Yesterday marked exactly a month since Armenia waged a new war against Azerbaijan.
The outcomes are astonishing and dramatic, not only for Armenia or Azerbaijan or South Caucasus but also for the entire continent of Europe, if not beyond.
For the first time in the history of Europe, one nation, Armenia, used ballistic missiles against the civilians of another country, Azerbaijan. Almost 70 Azerbaijani civilians were killed and hundreds wounded as a consequence of this barbarity along with indiscriminate shelling of Azerbaijani cities (Ganja, Mingachevir, Tartar, Goranboy, Aghjabedi and others) with cluster bombs.
When international media pressed the Armenian foreign minister on these criminal acts, he repeatedly failed to respond and kept changing the topic. The president of Armenia, while touring the European capitals, found no better option than to play on the religious feelings of European leaders (which is very popular among some of them) by inserting Islam in every other sentence he could. The Armenian prime minister went even further by declaring that his country doesn’t currently see a chance for diplomacy and will keep fighting with the arms in its hands against Azerbaijan (probably, he meant SCUD missiles against Azerbaijani children). He also insisted on the “civilizational” nature of the Armenia-Azerbaijan conflict.
The conclusion is clear ... for Armenian leadership, killing innocent civilians with potential weapons of mass destruction can be justified if the targets are Muslims. Even here, they failed as one of the victims of the attack in Azerbaijan's Ganja was a 14-year-old Christian boy that was a Russian citizen (unlike monoethnic Armenia, Azerbaijan is globally known for its multiethnic, multiconfessional and tolerant society).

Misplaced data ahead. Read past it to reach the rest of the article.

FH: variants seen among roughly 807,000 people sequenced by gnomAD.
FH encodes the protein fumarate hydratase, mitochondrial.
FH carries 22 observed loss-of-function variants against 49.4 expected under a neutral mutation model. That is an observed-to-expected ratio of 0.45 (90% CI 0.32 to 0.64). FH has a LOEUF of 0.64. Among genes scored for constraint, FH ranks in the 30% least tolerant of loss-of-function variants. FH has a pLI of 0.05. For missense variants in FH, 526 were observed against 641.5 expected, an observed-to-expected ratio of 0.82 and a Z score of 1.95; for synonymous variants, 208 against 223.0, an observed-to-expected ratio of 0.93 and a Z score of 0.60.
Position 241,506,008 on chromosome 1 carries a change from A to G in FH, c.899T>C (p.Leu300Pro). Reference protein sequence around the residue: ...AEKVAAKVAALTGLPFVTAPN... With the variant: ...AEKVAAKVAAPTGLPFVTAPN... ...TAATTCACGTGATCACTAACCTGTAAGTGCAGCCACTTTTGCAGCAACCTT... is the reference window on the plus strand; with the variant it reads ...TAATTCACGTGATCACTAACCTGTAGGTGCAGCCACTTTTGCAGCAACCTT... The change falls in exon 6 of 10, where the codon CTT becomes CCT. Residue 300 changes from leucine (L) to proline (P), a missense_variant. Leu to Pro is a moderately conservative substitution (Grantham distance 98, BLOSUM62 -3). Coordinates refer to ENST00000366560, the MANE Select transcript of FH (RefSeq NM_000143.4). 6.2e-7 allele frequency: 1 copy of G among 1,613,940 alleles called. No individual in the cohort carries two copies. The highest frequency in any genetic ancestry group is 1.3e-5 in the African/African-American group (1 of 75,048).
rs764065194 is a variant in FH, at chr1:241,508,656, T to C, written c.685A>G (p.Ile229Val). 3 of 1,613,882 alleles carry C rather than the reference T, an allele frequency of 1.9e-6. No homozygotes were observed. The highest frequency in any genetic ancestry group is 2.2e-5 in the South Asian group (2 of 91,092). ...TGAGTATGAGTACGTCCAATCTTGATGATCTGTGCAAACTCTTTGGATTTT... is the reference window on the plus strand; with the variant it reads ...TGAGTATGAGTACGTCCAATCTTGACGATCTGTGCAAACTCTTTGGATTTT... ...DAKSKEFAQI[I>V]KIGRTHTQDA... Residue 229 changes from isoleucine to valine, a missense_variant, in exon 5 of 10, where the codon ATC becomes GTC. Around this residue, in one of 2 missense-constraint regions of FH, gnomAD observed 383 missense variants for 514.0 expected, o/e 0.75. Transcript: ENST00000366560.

But the question is much bigger here. Is this narrative of Armenia shared by others? I really hope that it is NOT. But I do know that many might not share my cautious optimism. They would legitimately argue: where is the condemnation, rejection and punishment?!
Those world leaders, who the Armenian government engaged with over the past days, should have unequivocally condemned these crimes and demanded punishment for the one who is responsible. If they did it privately, the public should anyways know to avoid misreading the official positions of those countries. Otherwise, the Armenian narrative will thrive with dire consequences not only for our region. It will be a “green light” for similar crimes globally.
The global reaction is also vital due to the lack of it in the last 30 years vis-a-vis the faith of hundreds of thousands of Azerbaijani refugees and displaced people. This silent approach to the notorious ethnic cleansing and massacre of Azerbaijanis by Armenia in the early '90s, could have well emboldened current Armenian leaders to launch other crimes against civilians. Impunity could have been a driving force.
What our region needs as a driving force, though, is a sense of justice, security and opportunity to move forward. It also requires a breakup of dogmas of incompatibility in order to have a common and prosperous future for South Caucasus.
That will benefit all. Then we will be writing not the dark pages but rather brighter chapters of Europe’s history.
*Azerbaijani ambassador to Ankara